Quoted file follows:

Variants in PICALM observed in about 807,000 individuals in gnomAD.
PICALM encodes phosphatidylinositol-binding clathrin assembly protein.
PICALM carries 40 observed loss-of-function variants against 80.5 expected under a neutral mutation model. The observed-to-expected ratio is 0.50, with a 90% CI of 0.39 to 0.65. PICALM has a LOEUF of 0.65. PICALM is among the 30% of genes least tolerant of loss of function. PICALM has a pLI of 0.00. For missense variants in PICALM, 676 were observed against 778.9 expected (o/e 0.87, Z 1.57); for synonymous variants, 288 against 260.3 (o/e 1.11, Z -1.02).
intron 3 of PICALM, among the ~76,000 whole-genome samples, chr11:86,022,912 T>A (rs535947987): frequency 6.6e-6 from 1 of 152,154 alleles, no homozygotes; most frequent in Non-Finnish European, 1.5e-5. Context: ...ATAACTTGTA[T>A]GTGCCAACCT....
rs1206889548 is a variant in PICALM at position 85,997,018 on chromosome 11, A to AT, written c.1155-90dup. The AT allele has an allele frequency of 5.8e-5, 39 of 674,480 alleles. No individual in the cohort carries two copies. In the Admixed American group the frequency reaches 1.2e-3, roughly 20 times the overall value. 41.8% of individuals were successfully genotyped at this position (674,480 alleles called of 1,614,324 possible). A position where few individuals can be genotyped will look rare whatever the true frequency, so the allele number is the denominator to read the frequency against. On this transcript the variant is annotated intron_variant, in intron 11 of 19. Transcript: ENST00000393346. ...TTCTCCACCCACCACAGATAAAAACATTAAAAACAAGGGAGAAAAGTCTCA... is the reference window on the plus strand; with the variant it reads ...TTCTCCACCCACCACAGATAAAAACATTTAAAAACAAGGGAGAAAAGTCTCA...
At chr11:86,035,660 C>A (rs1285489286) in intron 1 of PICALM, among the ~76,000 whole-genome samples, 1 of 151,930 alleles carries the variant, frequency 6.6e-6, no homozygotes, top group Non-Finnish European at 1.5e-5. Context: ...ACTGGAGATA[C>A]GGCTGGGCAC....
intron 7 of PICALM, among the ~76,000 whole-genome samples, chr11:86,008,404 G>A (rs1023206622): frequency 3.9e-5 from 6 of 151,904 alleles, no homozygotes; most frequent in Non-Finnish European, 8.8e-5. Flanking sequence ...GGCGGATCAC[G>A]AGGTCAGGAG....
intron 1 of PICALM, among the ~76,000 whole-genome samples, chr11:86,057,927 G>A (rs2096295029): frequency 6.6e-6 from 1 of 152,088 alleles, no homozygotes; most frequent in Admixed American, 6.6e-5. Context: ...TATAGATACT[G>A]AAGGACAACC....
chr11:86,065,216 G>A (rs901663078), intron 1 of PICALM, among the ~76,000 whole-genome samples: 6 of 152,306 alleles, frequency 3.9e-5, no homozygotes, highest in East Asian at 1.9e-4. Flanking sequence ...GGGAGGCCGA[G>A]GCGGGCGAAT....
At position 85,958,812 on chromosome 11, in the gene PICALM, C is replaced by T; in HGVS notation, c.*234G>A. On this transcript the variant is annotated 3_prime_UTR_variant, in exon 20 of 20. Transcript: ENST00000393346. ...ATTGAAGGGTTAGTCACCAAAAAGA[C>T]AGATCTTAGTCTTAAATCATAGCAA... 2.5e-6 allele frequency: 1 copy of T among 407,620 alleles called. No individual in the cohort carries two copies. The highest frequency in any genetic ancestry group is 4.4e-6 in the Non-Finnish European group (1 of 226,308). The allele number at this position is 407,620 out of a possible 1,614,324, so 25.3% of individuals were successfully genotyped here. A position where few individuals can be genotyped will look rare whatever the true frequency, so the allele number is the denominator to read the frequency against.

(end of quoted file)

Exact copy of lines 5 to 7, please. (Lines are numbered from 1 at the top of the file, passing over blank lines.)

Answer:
rs1206889548 is a variant in PICALM at position 85,997,018 on chromosome 11, A to AT, written c.1155-90dup. The AT allele has an allele frequency of 5.8e-5, 39 of 674,480 alleles. No individual in the cohort carries two copies. In the Admixed American group the frequency reaches 1.2e-3, roughly 20 times the overall value. 41.8% of individuals were successfully genotyped at this position (674,480 alleles called of 1,614,324 possible). A position where few individuals can be genotyped will look rare whatever the true frequency, so the allele number is the denominator to read the frequency against. On this transcript the variant is annotated intron_variant, in intron 11 of 19. Transcript: ENST00000393346. ...TTCTCCACCCACCACAGATAAAAACATTAAAAACAAGGGAGAAAAGTCTCA... is the reference window on the plus strand; with the variant it reads ...TTCTCCACCCACCACAGATAAAAACATTTAAAAACAAGGGAGAAAAGTCTCA...
At chr11:86,035,660 C>A (rs1285489286) in intron 1 of PICALM, among the ~76,000 whole-genome samples, 1 of 151,930 alleles carries the variant, frequency 6.6e-6, no homozygotes, top group Non-Finnish European at 1.5e-5. Context: ...ACTGGAGATA[C>A]GGCTGGGCAC....
intron 7 of PICALM, among the ~76,000 whole-genome samples, chr11:86,008,404 G>A (rs1023206622): frequency 3.9e-5 from 6 of 151,904 alleles, no homozygotes; most frequent in Non-Finnish European, 8.8e-5. Flanking sequence ...GGCGGATCAC[G>A]AGGTCAGGAG....